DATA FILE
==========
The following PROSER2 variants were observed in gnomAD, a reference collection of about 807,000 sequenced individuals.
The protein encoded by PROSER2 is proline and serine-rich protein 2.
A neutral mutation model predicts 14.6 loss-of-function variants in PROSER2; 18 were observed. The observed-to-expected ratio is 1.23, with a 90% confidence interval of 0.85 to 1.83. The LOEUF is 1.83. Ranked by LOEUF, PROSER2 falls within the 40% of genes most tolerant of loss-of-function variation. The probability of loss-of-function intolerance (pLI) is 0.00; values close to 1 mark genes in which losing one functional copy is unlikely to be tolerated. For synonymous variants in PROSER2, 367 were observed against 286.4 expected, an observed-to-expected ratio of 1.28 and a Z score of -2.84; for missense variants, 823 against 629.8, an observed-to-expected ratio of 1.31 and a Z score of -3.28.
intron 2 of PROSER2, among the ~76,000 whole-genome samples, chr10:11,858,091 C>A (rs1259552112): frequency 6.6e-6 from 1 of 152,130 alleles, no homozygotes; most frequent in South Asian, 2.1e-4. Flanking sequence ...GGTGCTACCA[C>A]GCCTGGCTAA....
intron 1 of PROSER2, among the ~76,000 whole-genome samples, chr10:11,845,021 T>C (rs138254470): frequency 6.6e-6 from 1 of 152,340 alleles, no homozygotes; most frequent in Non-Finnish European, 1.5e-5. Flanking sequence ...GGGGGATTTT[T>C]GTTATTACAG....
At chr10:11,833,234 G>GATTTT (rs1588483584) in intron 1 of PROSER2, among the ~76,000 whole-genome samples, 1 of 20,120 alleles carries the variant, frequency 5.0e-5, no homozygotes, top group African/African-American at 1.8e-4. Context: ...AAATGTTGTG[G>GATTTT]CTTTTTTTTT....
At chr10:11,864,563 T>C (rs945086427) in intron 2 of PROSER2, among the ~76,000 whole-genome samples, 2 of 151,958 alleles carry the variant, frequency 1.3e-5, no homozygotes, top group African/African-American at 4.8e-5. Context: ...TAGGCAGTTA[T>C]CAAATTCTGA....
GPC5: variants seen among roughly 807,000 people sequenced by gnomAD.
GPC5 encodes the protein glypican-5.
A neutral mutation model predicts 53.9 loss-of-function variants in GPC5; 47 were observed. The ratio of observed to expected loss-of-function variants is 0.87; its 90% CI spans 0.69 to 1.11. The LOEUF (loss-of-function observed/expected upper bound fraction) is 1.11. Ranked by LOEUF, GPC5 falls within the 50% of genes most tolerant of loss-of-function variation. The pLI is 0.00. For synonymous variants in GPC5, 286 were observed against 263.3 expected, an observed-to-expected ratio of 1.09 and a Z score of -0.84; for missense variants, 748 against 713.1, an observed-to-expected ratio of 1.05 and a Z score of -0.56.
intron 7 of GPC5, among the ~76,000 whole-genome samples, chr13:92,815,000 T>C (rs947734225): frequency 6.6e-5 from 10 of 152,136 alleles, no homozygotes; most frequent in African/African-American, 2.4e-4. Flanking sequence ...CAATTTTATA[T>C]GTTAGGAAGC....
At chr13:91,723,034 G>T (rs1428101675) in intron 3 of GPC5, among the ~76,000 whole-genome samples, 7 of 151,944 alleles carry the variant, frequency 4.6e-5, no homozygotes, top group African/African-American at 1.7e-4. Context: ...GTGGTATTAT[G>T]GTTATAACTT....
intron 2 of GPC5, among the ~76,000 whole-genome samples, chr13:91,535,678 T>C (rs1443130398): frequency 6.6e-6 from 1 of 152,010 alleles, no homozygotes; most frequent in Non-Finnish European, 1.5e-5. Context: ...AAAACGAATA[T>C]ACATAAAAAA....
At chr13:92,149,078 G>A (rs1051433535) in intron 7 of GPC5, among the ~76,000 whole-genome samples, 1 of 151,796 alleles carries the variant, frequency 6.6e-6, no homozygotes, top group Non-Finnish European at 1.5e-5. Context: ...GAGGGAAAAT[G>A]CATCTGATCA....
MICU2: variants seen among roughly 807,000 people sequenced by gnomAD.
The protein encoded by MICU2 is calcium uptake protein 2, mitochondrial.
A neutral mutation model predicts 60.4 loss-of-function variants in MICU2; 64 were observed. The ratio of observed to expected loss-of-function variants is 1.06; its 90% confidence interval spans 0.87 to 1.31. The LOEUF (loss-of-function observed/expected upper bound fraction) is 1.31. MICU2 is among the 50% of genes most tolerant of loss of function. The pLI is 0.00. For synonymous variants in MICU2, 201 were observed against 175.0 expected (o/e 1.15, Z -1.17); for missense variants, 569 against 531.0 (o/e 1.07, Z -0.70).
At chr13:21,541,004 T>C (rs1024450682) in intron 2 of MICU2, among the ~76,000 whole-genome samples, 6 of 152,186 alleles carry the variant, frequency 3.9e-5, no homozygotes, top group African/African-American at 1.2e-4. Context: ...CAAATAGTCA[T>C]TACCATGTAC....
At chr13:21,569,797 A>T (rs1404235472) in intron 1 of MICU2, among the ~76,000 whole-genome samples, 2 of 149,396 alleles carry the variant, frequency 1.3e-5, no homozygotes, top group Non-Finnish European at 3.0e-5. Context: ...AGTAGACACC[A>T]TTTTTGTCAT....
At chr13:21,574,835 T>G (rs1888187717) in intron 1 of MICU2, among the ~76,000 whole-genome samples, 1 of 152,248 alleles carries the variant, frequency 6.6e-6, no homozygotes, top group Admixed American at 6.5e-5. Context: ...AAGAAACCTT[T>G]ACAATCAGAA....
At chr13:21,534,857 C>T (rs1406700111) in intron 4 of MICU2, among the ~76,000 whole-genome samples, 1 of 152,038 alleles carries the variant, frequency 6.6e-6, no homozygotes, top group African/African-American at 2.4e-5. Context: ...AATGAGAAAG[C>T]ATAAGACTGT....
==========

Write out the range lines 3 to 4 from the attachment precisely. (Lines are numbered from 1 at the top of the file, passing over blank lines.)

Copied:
A neutral mutation model predicts 14.6 loss-of-function variants in PROSER2; 18 were observed. The observed-to-expected ratio is 1.23, with a 90% confidence interval of 0.85 to 1.83. The LOEUF is 1.83. Ranked by LOEUF, PROSER2 falls within the 40% of genes most tolerant of loss-of-function variation. The probability of loss-of-function intolerance (pLI) is 0.00; values close to 1 mark genes in which losing one functional copy is unlikely to be tolerated. For synonymous variants in PROSER2, 367 were observed against 286.4 expected, an observed-to-expected ratio of 1.28 and a Z score of -2.84; for missense variants, 823 against 629.8, an observed-to-expected ratio of 1.31 and a Z score of -3.28.
intron 2 of PROSER2, among the ~76,000 whole-genome samples, chr10:11,858,091 C>A (rs1259552112): frequency 6.6e-6 from 1 of 152,130 alleles, no homozygotes; most frequent in South Asian, 2.1e-4. Flanking sequence ...GGTGCTACCA[C>A]GCCTGGCTAA....